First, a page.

- ilovenotcamping asked
I was doing this weird video about dogs that attack people. I was in South Africa shooting when the director said to get in the front seat and drive while the guys jump in and you drive everyone off. One of the actor’s was like “the girl’s not gonna drive the car.” That was the most sexist thing that was said to my face.
I had called out a guy in a scene a couple weeks before, which he didn’t like. We had a fight scene and he pulled my arms out of the sockets and had tears along my spine, and was in pain to the point of crying. I said “can you take it easier on me?” and he said “I’ve seen your work and figured you could take it.” I called my friend who is a real fighter and he really wanted to come in and back me up. I had to talk him out of it. There are those moments where people think you are incredibly tough or go the opposite and figure there’s no way you could do it.
You’ve got some serious class to be able to handle that and not flip out. I would have flipped out!
I’ve been told not to think too much by a director. I had ideas and wanted to bounce them off him, and he said “yeah yeah yeah, she’s smiling, she’s sweet.” You would never say that to a male actor, it was so condescending. And another thing is just how I’m treated by crew on set since I looked so young. In a scene I was tied to a bed and a crew member was hitting on me while tied down. It was completely inappropriate.
there’s a really difficult space that women have to occupy: do you call it out or how do you handle it? Like, it just happened but how do you state that happened and define it. When they don’t really include you, is another issue. We have these men who are making the decisions, and it’s how you inject yourself in the creative process. Sometimes you have get in there without being the annoying chick or where they say “oh she’s crazy.” I was on a film where the guy could get loose and wouldn’t get called out where I wouldn’t have that luxury, if I did anything I wasn’t allowed that leeway. As women, we always have to see it through. We can’t just let it go or else the next girl will have to deal with it too.
I got a solution! Women should just create their own companies and productions and then the men will have to fight to attract the ladies. We just need to stop working with directors who perpetuate these stories that don’t have strong female characters. These are disseminated throughout the world and transcend into other cultures.
America’s image and culture is America’s biggest export. I grew up in Zimbabwe and watched Girl Fight, and loved it.
this business and our world in particular is hard on women. I’m the same size now that I was when I was 17. I was told I was fat and couldn’t get work, but thankfully I was headstrong thanks to my parents and pushed on.
Thanks for attending! We were thrilled to have such amazing panelists this year and feel reinvigorated for next year. A video will be up eventually.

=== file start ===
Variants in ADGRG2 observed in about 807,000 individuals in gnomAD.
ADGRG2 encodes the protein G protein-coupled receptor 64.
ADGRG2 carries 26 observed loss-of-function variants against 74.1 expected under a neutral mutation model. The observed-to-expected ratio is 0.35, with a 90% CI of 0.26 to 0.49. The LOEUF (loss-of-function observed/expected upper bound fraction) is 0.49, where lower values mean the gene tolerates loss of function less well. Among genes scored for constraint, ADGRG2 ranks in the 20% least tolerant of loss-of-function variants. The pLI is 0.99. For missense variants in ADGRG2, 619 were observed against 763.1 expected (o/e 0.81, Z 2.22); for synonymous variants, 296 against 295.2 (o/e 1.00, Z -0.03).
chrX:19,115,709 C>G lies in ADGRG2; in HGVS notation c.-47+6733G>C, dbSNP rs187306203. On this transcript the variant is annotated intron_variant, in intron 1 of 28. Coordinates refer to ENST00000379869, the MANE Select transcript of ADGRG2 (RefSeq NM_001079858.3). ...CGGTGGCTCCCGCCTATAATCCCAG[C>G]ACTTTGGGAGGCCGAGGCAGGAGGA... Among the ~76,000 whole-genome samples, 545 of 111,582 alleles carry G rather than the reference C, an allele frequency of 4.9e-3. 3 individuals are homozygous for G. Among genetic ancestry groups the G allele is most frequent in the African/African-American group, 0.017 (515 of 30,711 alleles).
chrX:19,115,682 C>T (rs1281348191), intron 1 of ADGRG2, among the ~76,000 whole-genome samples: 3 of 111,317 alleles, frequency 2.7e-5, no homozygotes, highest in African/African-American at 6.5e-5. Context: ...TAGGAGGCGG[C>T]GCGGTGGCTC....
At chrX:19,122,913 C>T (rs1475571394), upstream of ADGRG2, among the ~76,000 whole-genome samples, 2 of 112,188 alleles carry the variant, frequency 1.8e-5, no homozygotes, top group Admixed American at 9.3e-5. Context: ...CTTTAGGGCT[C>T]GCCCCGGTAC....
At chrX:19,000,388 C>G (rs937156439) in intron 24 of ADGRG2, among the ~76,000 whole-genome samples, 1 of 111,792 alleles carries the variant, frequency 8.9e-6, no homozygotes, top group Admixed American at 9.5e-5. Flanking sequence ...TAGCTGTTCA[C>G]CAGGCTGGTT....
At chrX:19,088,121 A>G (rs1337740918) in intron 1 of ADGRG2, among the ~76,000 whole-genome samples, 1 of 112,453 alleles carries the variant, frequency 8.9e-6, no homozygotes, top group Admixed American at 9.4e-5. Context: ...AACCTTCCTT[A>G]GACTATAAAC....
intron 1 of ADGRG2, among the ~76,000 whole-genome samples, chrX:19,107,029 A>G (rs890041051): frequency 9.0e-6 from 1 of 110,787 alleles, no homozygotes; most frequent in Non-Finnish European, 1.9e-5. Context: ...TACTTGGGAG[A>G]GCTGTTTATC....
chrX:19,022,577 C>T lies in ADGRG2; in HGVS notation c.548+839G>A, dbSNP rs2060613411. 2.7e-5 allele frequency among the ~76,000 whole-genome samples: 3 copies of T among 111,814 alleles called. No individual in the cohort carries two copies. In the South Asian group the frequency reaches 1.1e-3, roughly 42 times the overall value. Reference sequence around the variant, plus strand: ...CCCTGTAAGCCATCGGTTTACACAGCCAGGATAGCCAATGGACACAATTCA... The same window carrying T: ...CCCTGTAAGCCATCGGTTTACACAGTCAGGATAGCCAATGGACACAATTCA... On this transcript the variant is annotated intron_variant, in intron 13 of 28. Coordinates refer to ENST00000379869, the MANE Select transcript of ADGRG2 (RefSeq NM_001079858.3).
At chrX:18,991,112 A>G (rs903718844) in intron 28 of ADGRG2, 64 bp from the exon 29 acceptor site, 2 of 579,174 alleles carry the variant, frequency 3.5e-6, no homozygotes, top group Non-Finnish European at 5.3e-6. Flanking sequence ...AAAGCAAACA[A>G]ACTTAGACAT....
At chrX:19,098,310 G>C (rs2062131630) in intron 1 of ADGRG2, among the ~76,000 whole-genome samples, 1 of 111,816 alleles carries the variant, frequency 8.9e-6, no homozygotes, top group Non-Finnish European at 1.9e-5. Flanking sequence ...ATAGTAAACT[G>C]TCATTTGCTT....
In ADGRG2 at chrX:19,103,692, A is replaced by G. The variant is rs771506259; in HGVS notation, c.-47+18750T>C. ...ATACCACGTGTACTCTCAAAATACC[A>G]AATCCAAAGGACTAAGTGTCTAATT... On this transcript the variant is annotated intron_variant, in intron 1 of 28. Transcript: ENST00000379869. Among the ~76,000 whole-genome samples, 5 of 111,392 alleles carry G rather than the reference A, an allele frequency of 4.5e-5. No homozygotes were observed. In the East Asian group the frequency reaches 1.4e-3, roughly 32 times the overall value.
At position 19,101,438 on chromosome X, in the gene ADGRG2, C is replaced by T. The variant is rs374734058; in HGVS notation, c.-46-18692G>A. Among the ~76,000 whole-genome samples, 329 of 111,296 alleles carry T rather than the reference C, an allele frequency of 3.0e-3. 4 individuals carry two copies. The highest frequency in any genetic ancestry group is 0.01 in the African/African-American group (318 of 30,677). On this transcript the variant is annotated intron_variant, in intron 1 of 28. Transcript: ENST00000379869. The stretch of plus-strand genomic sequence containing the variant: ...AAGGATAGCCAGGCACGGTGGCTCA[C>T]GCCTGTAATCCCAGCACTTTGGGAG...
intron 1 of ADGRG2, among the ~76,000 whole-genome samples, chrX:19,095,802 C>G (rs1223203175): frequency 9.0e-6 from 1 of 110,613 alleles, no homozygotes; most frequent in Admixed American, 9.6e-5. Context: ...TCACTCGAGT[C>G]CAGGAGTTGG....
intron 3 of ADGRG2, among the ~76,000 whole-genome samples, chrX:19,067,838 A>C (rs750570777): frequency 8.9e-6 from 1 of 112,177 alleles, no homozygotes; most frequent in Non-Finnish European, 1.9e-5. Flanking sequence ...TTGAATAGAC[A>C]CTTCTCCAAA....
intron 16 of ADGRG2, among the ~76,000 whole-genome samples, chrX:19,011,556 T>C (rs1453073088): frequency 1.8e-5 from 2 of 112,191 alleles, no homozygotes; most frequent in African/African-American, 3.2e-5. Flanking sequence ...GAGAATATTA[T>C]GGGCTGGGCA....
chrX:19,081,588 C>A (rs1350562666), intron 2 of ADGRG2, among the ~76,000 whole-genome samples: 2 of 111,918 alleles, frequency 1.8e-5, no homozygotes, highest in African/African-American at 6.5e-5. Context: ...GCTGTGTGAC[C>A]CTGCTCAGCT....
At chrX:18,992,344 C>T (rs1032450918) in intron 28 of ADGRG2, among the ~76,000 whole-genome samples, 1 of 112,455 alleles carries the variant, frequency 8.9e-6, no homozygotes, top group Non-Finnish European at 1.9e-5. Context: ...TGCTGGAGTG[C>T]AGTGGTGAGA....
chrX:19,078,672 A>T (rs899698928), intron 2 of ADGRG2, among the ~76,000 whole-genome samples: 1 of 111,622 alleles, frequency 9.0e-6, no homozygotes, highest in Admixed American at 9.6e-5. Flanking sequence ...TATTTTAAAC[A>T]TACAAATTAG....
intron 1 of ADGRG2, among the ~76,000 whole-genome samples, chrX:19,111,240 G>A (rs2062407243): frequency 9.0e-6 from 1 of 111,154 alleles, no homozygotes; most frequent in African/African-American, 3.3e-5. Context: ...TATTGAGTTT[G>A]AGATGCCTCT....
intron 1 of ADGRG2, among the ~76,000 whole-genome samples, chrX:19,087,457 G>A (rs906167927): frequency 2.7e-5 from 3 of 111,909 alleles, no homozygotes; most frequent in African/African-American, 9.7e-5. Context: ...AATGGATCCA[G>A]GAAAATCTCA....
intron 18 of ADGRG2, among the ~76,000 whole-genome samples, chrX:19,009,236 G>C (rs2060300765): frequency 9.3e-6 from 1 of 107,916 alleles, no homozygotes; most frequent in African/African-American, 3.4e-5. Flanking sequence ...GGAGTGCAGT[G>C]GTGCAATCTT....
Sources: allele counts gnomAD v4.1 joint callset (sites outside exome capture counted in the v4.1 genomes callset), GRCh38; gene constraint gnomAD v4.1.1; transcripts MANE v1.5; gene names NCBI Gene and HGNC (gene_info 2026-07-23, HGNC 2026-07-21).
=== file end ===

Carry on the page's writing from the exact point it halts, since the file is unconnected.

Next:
There are plans in the works for a panel at NYCC…
The fake geek girl may not be a real thing, but her shadow is long, and since people started claiming to have seen her, the rest of us have been accused of being her with increasing frequency.
So it’s been a little more than a week since my glorious return from the San Diego International Comic Convention, where I saw cool things, met cool people, and learned that “Hell” is another word for “being on the SDCC exhibit floor in a wheelchair.” I also contracted a horrific cold, and have been fighting my way back to the semblance of health, which is why my relative radio silence on the subject. But that’s neither here nor there: that’s just framework and excuses. Here’s what happened.
Leading up to SDCC, basically every woman I talked to expressed the fear of being “cred checked” at least once. The fake geek girl may not be a real thing, but her shadow is long, and since people started claiming to have seen her, the rest of us have been accused of being her with increasing frequency. She is the geek urban legend, the prowling, predatory female who’s just there to take up precious space/time/swag with her girly girlish girliness, and she’s like The Thing From Outer Space—a creature with no face and every face, AT THE SAME TIME.
I attended SDCC and similar shows for years before anyone said “Gasp! Some of these geek girls ARE TOTALLY FAKE!” and I started getting my geek credentials checked. Since that began, I have been forced to defend my knowledge of horror movies, the X-Men, zombie literature, the Resident Evil franchise, Doctor Who, and My Little Pony.
Let’s pause a moment and just think about that. Men—adult men—have asked me to defend my knowledge of and right to be a fan of My Little motherfucking Pony. My first fandom, the fandom that is arguably responsible for getting me into epic fantasy (not kidding), the franchise that I have publicly credited with teaching me how to plot long-term. A franchise that was, at least originally, aimed exclusively at little girls who enjoyed ponies and hair-play. I think that all fandoms should be for everyone, and I love that My Little Pony has finally found a male audience, but are you kidding here? Are you seriously telling me that the second men discover something I have loved since I was four years old, I suddenly have to pass trivia exams to keep considering myself a fan? Because if that’s the way things are going, I want to hear the Sea Pony song right fucking now.
Most of the female fans I know have expressed concern about this credential checking, in part because who the fuck wants to have to take a quiz when you’re standing in line waiting to get Chris Claremont’s autograph? I mean, really. And there’s always the possibility that you’ll fail the exam, and a) many of us have deep-seated test anxiety, courtesy of the American school system, and b) no one likes being bullied. Telling me I’m not a real geek because I can’t name the members of the Justice League (spoiler: I can’t, I don’t read DC) is bullying. It’s offensive and it’s upsetting and it leaves me feeling like a faker, even when I’m not. Even when I’m demonstratively not.